I’m almost ready for the Pittsburgh Half-Marathon. I’ve prepared for it rigorously — not just putting in the miles, but also losing the extra weight I had been hoping to shed. I’ve felt strong and proud and euphoric at times; but I’ve also felt weak and humbled and desperate at other times. I’ve worked to overcome injuries and position myself for success. In the end, however, there’s a lot left up in the air and we’ll only get to see how everything settles on race day.
Because this is my third big race — and probably the one for which I’ve most diligently prepared — I’ve been reflecting a lot on the spiritual implications of training, running, and racing. It’s such a rich metaphor! Even though I’m well aware of the ways that marathon metaphors are overused, I’ve been studying some of the relevant Bible passages. They are so apt, so insightful, so meaningful — and sometimes in surprising ways, decidedly contrary to the typical cliches.
Did you know, for instance, that the Bible says that neither training nor talent are necessarily advantageous when it comes to racing? See Ecclesiastes 9:11. “Time and chance happen to them all.” It’s true to life, as well. One of my friends and training partners had to pull out of the race just one month into the training program, because of severe leg pain, even though he happened to be the youngest, with the most prototypical “runner’s build.” Another friend and training partner — who happened to be one of the most experienced runners in our group — broke his toe just two weeks before the race, in a freak canoeing accident. Did either of these men do something wrong to deserve such bad breaks? Did they miss some special piece of training wisdom? Of course not! They were simply victims of time and chance. Their misfortune could have just as easily been mine. This kind of wisdom helps me to stay humble, both with my running and with my general bearing in life. Smug, self-assured self-righteousness is a grave danger that needs to be avoided at all costs.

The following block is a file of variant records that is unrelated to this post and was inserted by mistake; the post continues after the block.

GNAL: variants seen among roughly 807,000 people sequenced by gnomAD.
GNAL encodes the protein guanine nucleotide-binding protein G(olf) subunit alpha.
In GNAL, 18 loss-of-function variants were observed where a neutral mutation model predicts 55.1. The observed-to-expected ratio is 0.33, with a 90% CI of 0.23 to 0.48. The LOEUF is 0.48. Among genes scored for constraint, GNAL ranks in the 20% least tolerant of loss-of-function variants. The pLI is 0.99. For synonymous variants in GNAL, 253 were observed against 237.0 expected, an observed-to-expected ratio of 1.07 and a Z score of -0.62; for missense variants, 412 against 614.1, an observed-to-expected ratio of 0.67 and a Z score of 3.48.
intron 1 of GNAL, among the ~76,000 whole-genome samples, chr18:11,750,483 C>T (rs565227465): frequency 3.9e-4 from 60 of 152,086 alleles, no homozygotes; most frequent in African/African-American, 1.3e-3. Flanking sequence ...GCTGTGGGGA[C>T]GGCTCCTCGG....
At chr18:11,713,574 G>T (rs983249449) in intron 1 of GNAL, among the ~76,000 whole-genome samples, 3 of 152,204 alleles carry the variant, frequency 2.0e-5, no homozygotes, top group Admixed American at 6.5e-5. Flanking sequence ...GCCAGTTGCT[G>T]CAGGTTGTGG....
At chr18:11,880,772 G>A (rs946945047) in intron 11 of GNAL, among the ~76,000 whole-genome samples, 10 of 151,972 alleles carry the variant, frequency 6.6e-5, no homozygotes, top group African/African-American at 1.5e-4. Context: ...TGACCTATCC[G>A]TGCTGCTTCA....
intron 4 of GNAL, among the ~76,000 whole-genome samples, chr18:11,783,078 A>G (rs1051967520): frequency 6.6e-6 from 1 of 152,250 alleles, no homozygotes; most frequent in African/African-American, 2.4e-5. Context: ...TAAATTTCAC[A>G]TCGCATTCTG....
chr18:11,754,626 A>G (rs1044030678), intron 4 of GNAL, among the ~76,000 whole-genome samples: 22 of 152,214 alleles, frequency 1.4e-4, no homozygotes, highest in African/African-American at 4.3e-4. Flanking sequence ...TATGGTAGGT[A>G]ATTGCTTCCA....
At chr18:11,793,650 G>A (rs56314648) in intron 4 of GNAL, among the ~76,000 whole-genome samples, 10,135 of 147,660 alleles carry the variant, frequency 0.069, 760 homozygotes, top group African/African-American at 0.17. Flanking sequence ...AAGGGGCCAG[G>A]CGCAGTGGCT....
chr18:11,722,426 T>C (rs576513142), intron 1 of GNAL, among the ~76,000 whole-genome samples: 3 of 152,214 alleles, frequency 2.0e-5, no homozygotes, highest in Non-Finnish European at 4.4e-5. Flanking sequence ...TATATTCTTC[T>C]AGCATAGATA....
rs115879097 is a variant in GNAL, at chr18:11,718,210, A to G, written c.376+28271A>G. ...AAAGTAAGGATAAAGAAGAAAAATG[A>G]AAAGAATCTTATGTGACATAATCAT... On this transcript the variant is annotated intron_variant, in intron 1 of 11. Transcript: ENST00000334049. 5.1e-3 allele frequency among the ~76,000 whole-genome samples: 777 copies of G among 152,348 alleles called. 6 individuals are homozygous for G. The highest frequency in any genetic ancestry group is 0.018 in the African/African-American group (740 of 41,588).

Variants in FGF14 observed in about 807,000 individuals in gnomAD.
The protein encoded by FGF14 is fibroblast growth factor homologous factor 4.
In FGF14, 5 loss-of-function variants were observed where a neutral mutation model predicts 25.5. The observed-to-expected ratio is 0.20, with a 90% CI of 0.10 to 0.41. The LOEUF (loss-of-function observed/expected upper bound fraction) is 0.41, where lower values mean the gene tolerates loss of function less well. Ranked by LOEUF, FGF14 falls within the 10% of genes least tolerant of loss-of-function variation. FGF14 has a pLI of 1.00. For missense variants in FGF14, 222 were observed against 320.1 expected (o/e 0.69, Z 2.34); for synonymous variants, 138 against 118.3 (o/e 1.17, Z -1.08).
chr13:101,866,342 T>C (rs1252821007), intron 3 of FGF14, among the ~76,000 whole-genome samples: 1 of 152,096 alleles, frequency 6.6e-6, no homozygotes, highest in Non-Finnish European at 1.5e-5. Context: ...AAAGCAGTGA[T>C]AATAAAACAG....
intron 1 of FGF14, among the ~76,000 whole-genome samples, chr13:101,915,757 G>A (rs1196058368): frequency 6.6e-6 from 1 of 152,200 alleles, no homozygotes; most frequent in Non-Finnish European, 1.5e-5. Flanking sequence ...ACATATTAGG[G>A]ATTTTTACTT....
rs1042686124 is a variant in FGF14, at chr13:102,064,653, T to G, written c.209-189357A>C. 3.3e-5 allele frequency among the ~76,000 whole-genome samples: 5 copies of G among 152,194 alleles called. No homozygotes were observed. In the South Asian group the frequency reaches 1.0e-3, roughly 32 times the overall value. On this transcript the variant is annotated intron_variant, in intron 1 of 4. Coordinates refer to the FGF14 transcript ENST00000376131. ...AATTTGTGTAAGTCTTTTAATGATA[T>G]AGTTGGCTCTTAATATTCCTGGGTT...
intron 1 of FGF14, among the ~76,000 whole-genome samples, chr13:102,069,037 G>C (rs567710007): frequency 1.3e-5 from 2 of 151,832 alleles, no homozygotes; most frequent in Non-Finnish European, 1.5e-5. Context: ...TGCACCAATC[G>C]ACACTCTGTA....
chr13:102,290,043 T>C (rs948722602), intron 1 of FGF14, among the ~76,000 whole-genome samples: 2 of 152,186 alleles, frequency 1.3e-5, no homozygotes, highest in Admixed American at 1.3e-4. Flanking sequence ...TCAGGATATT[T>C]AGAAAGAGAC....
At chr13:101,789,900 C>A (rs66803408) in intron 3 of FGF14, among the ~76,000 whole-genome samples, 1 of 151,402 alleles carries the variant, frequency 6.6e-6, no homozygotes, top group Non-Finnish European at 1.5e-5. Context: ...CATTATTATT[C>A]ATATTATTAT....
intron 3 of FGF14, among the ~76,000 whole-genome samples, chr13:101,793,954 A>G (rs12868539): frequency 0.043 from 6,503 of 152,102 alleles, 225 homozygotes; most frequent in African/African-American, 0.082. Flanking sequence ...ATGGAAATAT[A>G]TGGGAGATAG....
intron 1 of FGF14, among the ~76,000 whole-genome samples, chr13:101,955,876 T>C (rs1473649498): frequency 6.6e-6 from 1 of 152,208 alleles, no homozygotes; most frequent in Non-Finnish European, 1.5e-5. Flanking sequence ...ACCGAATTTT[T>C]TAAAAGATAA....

And this is just one application of the Mara-meta-phor-athon of biblical wisdom that I’ve been turning over in my mind this week! There are lessons to be learned about pride and presumption (Jeremiah 12:5-8). There are parallels regarding strategy and tactical training (1 Corinthians 9:24-27). There is insight about perseverance (Galatians 5:6-8 and Hebrews 12)… about endurance (Isaiah 40:28-31)… about keeping one’s eyes on the prize (2 Timothy 2:3-7 and Philippians 2-3)… and much, much more…
Suffice to say: Running is a great inspiration for faith, and faith is a great inspiration for running. I’m glad I’ve decided to eagerly embrace both.